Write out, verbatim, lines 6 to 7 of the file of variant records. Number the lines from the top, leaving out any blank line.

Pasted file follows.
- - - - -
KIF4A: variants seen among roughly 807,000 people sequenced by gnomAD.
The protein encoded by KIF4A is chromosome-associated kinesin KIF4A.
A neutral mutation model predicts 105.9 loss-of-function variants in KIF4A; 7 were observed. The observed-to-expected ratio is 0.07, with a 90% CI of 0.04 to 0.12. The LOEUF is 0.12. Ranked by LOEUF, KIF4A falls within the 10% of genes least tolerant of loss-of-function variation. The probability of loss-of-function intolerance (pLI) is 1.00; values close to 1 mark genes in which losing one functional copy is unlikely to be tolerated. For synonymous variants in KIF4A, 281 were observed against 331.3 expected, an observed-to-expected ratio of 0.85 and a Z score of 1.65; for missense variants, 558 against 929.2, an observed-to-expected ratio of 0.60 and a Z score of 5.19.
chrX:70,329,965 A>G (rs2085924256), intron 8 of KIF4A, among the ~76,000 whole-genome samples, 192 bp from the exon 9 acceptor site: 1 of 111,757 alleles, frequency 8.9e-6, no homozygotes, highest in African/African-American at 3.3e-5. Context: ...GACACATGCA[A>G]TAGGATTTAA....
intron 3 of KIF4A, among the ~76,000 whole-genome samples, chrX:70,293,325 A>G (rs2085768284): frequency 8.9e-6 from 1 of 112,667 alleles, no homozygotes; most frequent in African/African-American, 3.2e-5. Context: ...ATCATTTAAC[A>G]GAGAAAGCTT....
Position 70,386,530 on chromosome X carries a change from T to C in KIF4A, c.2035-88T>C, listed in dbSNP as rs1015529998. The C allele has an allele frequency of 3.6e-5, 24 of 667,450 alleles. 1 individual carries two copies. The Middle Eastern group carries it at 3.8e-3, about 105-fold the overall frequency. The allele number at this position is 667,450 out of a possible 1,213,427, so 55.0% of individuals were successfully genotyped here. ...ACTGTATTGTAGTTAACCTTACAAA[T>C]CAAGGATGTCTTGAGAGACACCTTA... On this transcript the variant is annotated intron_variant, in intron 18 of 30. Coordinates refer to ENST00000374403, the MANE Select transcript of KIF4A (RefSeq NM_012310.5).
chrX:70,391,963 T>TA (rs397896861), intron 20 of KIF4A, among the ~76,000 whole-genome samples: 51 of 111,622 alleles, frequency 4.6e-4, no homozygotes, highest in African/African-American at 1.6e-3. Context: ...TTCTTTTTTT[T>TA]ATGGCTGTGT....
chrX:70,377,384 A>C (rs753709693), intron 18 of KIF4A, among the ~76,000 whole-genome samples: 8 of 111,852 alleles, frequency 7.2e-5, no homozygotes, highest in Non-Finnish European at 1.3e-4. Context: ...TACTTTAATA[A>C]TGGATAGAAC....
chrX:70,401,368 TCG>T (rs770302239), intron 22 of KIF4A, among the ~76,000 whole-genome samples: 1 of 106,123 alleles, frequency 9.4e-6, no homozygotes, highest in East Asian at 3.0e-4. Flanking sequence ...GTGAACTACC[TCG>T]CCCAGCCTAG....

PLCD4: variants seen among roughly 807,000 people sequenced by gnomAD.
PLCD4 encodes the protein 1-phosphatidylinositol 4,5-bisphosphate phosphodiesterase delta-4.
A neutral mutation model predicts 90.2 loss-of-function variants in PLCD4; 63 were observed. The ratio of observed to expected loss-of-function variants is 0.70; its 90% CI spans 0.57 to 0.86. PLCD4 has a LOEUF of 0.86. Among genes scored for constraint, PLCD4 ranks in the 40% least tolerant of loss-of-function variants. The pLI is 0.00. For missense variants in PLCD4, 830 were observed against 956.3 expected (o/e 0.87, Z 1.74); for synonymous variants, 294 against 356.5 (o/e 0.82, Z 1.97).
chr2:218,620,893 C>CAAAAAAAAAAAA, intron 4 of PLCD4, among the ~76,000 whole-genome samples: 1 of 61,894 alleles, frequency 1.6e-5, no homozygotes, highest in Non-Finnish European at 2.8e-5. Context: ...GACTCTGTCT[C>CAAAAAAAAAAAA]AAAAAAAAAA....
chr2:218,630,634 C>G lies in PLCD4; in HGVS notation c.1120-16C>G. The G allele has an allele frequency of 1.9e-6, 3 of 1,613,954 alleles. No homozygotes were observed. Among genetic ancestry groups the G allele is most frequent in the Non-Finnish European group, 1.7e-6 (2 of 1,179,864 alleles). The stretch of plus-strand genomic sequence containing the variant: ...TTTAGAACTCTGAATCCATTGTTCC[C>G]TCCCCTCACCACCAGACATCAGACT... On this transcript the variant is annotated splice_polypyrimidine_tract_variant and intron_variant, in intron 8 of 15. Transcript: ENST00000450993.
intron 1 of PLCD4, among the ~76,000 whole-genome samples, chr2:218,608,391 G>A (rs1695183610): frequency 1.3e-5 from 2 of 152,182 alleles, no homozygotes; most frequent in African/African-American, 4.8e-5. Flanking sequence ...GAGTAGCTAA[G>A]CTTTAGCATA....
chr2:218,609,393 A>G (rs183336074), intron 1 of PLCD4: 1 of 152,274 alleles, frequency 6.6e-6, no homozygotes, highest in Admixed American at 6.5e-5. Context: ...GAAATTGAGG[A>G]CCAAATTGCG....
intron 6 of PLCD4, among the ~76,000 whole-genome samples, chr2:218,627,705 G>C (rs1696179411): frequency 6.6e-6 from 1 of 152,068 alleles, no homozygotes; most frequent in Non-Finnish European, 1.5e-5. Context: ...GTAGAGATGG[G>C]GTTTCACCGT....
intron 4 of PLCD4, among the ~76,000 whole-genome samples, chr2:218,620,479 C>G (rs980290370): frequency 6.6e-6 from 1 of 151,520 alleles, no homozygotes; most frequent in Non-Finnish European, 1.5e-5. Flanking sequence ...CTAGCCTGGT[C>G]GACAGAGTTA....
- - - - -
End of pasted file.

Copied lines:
Position 70,386,530 on chromosome X carries a change from T to C in KIF4A, c.2035-88T>C, listed in dbSNP as rs1015529998. The C allele has an allele frequency of 3.6e-5, 24 of 667,450 alleles. 1 individual carries two copies. The Middle Eastern group carries it at 3.8e-3, about 105-fold the overall frequency. The allele number at this position is 667,450 out of a possible 1,213,427, so 55.0% of individuals were successfully genotyped here. ...ACTGTATTGTAGTTAACCTTACAAA[T>C]CAAGGATGTCTTGAGAGACACCTTA... On this transcript the variant is annotated intron_variant, in intron 18 of 30. Coordinates refer to ENST00000374403, the MANE Select transcript of KIF4A (RefSeq NM_012310.5).
chrX:70,391,963 T>TA (rs397896861), intron 20 of KIF4A, among the ~76,000 whole-genome samples: 51 of 111,622 alleles, frequency 4.6e-4, no homozygotes, highest in African/African-American at 1.6e-3. Context: ...TTCTTTTTTT[T>TA]ATGGCTGTGT....